The chief goal of the Wenzhou Financial Reform initiative is to create legal, small-lending companies with private capital for small business. It is envisaged that the number of those companies will reach 30 by the end of 2012 and 100 by the end of 2013, covering all municipal areas and suburban towns.
The creation and growth of private, small lending companies will not only provide money to non-government small business, but also compete with the state-own banks, pushing fundamental reforms in China's banking sector. This is so essential for China's future.
Wenzhou Financial Reform also stipulates that out-bound direct investment can be undertaken by individuals, instead of only legal business entities. Official data from Wenzhou shows that total out-bound direct investment reached US$53.53 million, with U$21.39 million transferred out in foreign exchange. In recent years, over 90% of foreign investment promotion has been oriented to small business and even individuals. If the individuals are eligible to make such investments, the huge local capital resource will find a convenient way out.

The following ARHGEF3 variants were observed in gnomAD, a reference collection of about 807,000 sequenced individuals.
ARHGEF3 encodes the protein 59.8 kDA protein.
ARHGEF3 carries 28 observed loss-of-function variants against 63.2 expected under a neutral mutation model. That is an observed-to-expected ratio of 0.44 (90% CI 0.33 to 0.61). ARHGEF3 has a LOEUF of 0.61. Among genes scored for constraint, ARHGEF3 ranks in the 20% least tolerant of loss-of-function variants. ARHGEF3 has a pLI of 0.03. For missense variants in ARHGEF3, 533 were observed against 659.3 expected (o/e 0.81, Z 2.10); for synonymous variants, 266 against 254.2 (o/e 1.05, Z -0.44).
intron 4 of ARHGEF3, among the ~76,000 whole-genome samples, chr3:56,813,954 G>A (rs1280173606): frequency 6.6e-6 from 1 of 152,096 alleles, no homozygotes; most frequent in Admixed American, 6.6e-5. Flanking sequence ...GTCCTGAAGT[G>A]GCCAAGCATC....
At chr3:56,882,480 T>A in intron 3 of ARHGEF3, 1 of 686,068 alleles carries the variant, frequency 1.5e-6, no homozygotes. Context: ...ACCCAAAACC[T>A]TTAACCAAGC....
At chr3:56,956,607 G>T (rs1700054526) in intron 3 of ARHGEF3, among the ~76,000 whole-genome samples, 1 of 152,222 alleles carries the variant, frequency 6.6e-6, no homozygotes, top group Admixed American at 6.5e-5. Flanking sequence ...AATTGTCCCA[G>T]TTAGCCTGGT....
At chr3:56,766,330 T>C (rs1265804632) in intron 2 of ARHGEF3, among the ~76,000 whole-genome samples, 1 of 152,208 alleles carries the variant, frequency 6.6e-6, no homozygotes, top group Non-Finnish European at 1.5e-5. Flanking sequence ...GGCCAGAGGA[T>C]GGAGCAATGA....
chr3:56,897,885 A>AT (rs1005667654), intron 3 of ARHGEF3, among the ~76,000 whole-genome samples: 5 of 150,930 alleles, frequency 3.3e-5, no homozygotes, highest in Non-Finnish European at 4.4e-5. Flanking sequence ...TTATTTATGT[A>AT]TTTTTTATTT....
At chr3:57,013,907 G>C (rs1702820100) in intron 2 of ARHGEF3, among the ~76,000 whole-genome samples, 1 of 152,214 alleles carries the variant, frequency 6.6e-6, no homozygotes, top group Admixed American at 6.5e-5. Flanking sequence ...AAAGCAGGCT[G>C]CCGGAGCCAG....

Before this new policy, wealthy individuals could only spend their money on travel, luxuries, or children’s education abroad. Also casinos. The annual quota for each individual is only US$50,000 for foreign exchange out-bound transfer. On the other hand, China has accumulated over US$3 trillion in official reserves, by far the world’s largest, and by far not necessary. An important aspect of change is that the largest part of the reserve be held by individuals and businesses, not by the central bank, as occurs in almost all the advanced economies. Individual direct out-bound investment will be a most effective way to achieve this end.